A civil rights leader who urged African Americans to work within the system, Whitney Moore Young, as executive director of the National Urban League from 1961 to 1971, played a leading role in persuading America’s corporate elite to provide better opportunities for African Americans.
Young worked with President Lyndon Johnson on civil rights and anti-poverty programs during the 1960s, while calling for a “domestic Marshall Plan” (similar to U.S. aid to revive Europe after World War II).
He was one of the leaders of the 1963 March on Washington and in 1964 he organized the Community Action Assembly to fight poverty in African-American communities. He was awarded the Medal of Freedom, the nation’s highest civilian honor, in 1969.
Two years later at the age of 49, Young drowned in Lagos, Nigeria while participating in an annual African-American dialogue on relations between the two continents.
Founder of theÂ African Episcopal ChurchÂ of St. Thomas,Â Absalom Jones was born into slavery in Sussex County, Delaware, on November 6, 1746. He taught himself to read and knew the New Testament thoroughly at an early age. When he was 16, Absalom’s owner took him to Philadelphia, Pa., where he served as a clerk and handyman in a retail store.
He was allowed to work for himself in the evenings and keep his earning. He was married in 1770. By the time Jones was 38 years old, he had purchased his wife’s freedom, and his own, and had bought a house. Later he built two more houses and used them for rental income.Â Continue reading →
Norbert Rillieux was born on March 17, 1806 in New Orleans, Louisiana. Norbert was born a free man, although his mother was a slave. His father was a wealthy White engineer involved in the cotton industry. As a child Norbert was educated in the Catholic school system in New Orleans but was sent to Paris, France for advanced schooling.
He studied at the L’Ecole Centrale, the top engineering school in the country and at age 24 became an instructor of applied mechanics at the school, the youngest person to achieve this position. He published a series of papers related to “the Functions and Economic Implications of the Steam Engine.” Eventually, in 1834, Rillieux returned home to his father’s plantation which was now also being used to process and refine sugar.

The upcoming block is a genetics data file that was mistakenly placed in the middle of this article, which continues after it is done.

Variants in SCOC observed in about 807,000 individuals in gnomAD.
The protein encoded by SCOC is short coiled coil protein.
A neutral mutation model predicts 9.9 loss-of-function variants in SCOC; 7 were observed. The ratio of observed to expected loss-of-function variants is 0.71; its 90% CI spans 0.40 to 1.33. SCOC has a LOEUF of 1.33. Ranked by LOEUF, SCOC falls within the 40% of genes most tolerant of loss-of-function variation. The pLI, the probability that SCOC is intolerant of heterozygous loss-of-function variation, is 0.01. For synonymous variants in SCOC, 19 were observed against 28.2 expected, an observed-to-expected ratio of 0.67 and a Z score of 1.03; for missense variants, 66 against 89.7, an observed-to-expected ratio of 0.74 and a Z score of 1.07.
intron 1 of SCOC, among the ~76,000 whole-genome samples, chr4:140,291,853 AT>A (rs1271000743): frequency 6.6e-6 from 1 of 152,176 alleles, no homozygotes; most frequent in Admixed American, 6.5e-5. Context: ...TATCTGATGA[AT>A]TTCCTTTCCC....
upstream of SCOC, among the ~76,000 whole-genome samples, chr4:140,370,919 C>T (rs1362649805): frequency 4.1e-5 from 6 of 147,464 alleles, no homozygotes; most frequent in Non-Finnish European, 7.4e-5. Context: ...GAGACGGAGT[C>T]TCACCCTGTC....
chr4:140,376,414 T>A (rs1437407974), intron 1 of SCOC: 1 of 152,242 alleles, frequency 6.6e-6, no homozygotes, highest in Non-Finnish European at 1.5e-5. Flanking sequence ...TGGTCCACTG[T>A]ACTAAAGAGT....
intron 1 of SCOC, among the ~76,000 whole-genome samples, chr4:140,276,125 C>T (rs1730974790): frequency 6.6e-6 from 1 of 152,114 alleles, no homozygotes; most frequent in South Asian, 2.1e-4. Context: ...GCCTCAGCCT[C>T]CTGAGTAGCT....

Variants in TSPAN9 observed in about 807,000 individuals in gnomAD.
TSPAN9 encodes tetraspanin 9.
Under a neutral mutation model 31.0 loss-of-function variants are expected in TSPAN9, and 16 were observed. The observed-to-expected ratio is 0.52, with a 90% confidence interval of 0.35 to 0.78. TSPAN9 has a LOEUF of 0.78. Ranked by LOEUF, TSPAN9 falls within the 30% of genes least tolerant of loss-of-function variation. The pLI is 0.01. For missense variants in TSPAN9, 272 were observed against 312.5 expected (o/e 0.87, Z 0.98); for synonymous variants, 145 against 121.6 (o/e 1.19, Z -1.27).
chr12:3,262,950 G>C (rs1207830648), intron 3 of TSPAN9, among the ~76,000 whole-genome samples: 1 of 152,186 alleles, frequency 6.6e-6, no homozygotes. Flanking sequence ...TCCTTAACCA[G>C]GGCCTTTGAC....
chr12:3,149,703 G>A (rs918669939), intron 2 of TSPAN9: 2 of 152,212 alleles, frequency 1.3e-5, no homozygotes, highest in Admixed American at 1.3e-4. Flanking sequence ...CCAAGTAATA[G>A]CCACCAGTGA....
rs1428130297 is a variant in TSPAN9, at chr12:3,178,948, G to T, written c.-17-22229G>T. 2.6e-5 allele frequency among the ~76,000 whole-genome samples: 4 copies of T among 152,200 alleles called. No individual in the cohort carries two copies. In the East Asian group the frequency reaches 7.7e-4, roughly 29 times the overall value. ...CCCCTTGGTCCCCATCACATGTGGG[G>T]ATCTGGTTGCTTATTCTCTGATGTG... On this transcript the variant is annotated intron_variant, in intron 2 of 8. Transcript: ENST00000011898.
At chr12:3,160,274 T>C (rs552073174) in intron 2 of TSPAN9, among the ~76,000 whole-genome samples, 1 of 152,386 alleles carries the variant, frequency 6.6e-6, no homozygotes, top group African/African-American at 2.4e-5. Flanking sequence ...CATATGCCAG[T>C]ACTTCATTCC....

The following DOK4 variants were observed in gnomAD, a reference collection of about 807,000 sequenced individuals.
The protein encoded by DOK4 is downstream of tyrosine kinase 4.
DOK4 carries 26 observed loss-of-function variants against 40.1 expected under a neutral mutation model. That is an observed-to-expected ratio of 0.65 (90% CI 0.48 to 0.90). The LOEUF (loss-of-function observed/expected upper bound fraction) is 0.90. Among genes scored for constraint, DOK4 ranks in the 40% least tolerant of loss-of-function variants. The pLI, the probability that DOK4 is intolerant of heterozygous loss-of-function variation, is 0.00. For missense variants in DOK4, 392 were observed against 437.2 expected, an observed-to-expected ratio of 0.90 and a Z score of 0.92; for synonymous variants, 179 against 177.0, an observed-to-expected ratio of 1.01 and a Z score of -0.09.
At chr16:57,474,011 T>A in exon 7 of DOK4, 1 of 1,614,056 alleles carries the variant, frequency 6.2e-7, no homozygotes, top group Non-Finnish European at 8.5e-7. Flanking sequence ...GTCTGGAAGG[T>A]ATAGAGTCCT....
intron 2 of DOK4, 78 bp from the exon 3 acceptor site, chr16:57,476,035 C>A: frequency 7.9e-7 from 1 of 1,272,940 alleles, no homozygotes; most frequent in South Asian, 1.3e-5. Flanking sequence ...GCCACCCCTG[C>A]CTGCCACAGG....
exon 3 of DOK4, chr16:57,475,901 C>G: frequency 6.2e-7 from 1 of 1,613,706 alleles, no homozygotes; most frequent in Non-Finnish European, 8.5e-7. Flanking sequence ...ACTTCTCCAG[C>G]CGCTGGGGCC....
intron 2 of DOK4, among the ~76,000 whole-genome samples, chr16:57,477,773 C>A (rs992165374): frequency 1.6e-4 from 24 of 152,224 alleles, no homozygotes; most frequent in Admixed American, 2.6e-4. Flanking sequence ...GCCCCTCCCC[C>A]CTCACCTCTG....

On March 20, 1944, at the Charleston shipyard in Boston, MA, the USS Mason was commissioned, or placed into active service, by the Governor of the state, the city’s mayor, and the ship’s new captain, William M. Blackford. The ship sailed for Belfast, Ireland, its first port of call, to join the British and American “Battle of the Atlantic.”
During W.W.II only one American Navy warship carried an African American crew into combat, The U.S.S. Mason.Â It was the job of smaller, easier to handle destroyer escort ships, like the USS Mason, to guard and protect the larger merchant vessels which carried badly needed supplies between the US and Europe. The mission of D. E?s was to stop German submarines, or Â U-boats, from sinking the larger ships with their deadly torpedoes. Although segregated on this one navel fighting ship, the men of the USS Mason were well-trained and bravely accepted and carried out the job they were given.Â Continue reading →
(b. February 23, 1868, Great Barrington, Mass.; d. August 27, 1963, Accra, Ghana), writer, social scientist, critic, and public intellectual; cofounder of the Niagara Movement, the National Association for the Advancement of Colored People (NAACP), and the Pan-African Congress; editor of the NAACP magazine, The Crisis.
Along with Frederick Douglass and Booker T. Washington, historians consider W. E. B. Du Bois one of the most influential African Americans before the Civil Rights Movement of the 1960s. Born only six years after emanicipation, Du Bois was active well into his nineties, dying in 1963, on the eve of the March on Washington.Â Continue reading →